Psst--now's the best time to score a great deal in Sarasota, Florida.

Secret Beach Vacation
Credit: Meg McKinney

Summer is not complete without a trip to the beach. Sarasota boasts interesting restaurants, eclectic shops, and some of the prettiest beaches in The Sunshine State. Plus, rates drop significantly in the summer. It's a vacation spot you can actually afford. So pack your sunscreen, and get ready for three days of fun.

Sleep Tight
Do this vacation the right way, and stay at The Ritz-Carlton, Sarasota. You can get a room for $199 a night. While still a bit pricey, it's a steal in comparison to the $499 you'll pay in high season. This 5-year-old, 266-room hotel offers the best of everything. From the ultra-smooth bed linens to the sumptuous pastries at Boutique Chocolat, you'll find luxury at its best here. And when you stay at this hotel, you won't have to lift a finger.

While the hotel isn't situated directly on the water, nearby there's an exclusive beach retreat with a pool, restaurant, tiki bar, and beach access reserved for guests. Frequent shuttles will take you back and forth from the hotel to The Ritz-Carlton Members Beach Club. As a special treat, take one of the morning sea turtle walks offered by the hotel this time of year.

If you're not up for puttin' on the ritz, consider La Quinta Inn & Suites Sarasota (rates from $99) or Sarasota Bradenton Courtyard by Marriott at the airport (rates from $129). If you prefer to stay on the beach, the 135-room Holiday Inn Lido Beach offers $139 rates, and the 222-room Lido Beach Resort features $162 rates.

Dining Details
Chef Yves Vacheresse of Vernona restaurant at The Ritz-Carlton resort first recommends the food at his hotel. Beyond that, he rattled off a list of good spots.

The Peruvian Selva Grill, with funky outdoor seating, is known for its extensive array of seviche offerings (octopus for $11 and shrimp for $12) and mojitos. For noodle dishes as well as a full sushi bar, try Thai and Japanese at Pacific Rim. If you want to splurge, opt for dinner at The Table. Here you'll find lobster gazpacho ($6) and Annatto Coriander Crusted Lamb Chops ($29).

At The Old Salty Dog, you won't find frills (plastic chairs as seating and bottles of ketchup on the tables), but you will feast on killer grouper sandwiches ($11.95 with fries). I also like the lobster Benedict (market price, currently around $18) at Broken Egg.

The Shopping List
St. Armands Circle, a retail mecca, waits just steps away from the beach. With 130 stores, it's a shopper's heaven. Visit Fanta Sea, a magnificent seashell and home accessories shop, and Garden Argosy, a gift boutique with everything from baby items to fun jewelry. If you forgot a good beach read, stop by Sarasota News & Books, located on quaint Main Street.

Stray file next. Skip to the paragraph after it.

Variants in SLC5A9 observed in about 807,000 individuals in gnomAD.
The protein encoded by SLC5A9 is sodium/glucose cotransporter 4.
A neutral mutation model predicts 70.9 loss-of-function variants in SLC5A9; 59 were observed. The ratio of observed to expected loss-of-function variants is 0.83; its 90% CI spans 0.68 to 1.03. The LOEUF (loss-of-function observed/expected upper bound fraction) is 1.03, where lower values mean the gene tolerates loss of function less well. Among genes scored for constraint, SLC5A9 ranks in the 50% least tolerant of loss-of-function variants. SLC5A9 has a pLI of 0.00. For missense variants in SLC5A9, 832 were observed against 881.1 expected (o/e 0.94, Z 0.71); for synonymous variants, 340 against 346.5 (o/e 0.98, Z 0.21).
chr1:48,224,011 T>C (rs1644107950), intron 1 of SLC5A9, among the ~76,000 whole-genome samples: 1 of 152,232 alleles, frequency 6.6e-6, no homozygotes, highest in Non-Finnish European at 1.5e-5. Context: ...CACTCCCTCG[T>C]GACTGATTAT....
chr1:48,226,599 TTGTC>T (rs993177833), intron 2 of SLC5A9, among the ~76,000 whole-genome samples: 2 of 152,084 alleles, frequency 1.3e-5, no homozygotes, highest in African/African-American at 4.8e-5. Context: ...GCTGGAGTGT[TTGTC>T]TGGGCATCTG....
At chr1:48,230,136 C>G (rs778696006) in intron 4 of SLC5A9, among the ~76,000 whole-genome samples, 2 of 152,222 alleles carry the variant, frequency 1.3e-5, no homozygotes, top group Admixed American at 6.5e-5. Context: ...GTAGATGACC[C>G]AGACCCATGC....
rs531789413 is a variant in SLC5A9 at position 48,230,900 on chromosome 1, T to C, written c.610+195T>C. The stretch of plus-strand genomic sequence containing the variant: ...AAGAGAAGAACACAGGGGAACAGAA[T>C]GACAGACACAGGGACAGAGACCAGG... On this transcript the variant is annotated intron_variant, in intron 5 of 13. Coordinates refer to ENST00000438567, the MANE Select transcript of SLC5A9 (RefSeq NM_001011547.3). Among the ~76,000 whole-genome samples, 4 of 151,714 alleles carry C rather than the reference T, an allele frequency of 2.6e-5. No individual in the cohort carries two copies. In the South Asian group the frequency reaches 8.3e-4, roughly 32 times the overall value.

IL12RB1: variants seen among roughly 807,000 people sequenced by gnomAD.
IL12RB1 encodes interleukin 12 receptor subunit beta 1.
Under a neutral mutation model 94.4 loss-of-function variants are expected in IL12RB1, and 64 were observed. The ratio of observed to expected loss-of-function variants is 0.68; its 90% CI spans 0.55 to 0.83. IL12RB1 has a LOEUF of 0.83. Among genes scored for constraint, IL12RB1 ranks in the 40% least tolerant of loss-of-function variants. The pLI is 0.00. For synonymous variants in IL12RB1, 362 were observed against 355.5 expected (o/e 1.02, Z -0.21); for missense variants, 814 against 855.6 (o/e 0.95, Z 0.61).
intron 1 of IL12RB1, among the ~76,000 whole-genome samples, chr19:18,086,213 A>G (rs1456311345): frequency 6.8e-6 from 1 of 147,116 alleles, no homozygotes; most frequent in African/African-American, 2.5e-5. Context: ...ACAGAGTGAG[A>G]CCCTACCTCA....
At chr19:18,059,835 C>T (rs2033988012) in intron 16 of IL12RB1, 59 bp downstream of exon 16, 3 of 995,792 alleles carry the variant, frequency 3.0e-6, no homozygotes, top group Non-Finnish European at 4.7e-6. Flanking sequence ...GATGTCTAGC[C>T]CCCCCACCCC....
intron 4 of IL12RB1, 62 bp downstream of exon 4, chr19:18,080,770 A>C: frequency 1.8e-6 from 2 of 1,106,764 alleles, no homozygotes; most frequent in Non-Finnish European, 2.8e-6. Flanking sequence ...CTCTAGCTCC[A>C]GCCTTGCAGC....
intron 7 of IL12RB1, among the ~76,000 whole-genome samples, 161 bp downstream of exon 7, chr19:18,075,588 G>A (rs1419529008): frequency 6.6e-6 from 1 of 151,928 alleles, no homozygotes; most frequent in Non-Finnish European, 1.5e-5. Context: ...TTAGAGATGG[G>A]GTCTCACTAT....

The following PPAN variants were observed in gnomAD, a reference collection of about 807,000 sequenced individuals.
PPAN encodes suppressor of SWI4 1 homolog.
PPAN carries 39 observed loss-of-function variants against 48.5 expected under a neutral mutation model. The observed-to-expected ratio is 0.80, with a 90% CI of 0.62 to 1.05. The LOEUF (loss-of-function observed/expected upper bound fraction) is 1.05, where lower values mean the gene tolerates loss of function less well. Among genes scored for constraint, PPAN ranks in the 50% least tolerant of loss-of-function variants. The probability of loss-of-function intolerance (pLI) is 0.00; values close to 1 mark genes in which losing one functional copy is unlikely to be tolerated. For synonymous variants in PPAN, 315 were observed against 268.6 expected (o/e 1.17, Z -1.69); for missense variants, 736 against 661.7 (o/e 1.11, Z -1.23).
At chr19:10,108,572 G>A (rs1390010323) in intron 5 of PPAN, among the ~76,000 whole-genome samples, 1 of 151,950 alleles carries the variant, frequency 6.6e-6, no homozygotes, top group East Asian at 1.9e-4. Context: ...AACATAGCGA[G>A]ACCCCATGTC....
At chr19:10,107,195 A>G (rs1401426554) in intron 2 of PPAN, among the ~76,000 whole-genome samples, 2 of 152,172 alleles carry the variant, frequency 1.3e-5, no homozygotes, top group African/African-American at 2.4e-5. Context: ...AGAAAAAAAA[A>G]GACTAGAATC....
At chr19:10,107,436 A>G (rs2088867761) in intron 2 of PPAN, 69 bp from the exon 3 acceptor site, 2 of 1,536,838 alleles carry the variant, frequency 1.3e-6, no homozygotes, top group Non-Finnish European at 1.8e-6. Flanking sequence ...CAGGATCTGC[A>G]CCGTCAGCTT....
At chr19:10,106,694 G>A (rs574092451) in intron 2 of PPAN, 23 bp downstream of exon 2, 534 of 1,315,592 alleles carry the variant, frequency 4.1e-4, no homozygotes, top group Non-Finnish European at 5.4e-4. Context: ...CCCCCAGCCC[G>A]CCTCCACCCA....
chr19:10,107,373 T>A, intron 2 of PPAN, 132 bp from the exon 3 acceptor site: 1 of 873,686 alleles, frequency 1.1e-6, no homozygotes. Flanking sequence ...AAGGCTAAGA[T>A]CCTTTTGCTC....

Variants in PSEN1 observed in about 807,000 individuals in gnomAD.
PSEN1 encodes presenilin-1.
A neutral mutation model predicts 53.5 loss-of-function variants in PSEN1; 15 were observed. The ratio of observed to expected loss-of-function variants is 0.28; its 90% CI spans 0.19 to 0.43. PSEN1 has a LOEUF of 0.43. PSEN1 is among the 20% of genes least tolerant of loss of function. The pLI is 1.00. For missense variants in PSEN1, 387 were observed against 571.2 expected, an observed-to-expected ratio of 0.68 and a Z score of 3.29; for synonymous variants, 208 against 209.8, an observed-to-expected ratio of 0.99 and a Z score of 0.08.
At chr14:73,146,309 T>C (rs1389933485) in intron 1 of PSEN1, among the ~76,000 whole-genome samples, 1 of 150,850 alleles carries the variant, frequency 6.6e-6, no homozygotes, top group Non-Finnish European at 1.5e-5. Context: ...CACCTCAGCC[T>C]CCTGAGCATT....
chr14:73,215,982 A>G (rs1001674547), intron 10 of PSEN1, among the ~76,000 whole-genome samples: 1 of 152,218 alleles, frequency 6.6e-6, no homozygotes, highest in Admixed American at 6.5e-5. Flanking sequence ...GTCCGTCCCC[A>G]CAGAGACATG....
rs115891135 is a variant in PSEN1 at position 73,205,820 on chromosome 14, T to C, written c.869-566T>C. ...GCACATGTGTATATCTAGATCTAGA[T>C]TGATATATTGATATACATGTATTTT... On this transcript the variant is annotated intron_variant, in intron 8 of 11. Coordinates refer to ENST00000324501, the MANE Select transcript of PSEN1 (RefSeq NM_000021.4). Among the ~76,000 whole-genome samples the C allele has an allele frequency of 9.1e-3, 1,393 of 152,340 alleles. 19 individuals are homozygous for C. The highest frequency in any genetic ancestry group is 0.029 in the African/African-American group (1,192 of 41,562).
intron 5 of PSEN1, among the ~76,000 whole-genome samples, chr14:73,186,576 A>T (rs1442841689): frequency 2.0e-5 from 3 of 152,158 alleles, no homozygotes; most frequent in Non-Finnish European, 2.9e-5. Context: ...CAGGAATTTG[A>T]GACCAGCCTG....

Beach Report
If you stay at The Ritz-Carlton hotel, you're set when it comes to ideal beach access. For folks who stay elsewhere, we recommend the public Lido Beach. Although you won't find someone to bring you tropical drinks here, you will enjoy sugar-white sand, crystal-blue water, free parking, and easy-to-access restrooms.

You may discover that after a trip to Sarasota, you've found a new summer tradition.

For more information: Contact the Sarasota Convention & Visitors Bureau at 1-800-522-9799 or

Sarasota Musts
Don't leave Sarasota without visiting Marie Selby Botanical Gardens. You'll feel as if you've uncovered your own personal paradise.

This lush tropical garden holds some of the world's rarest plants including orchids, bromeliads, and epiphytes (also known as air plants). Covering 81⁄2 acres, the space was once the bayfront estate of philanthropists Marie and William Selby. Now, in addition to a thriving garden, it contains a research center. Admission is $12 adults and $6 ages 6-11.

If it rains while you're in town, which it tends to do on July afternoons, swing by The John and Mable Ringling Museum of Art. Admission is free on Monday if you can arrange to stay in town an extra day; otherwise it costs $15 adults.

Down to Details

"Secret Beach Vacation" is from the July 2006 issue of Southern Living. Because prices, dates, and other specifics are subject to change, please check all information to make sure it's still current before making your travel plans.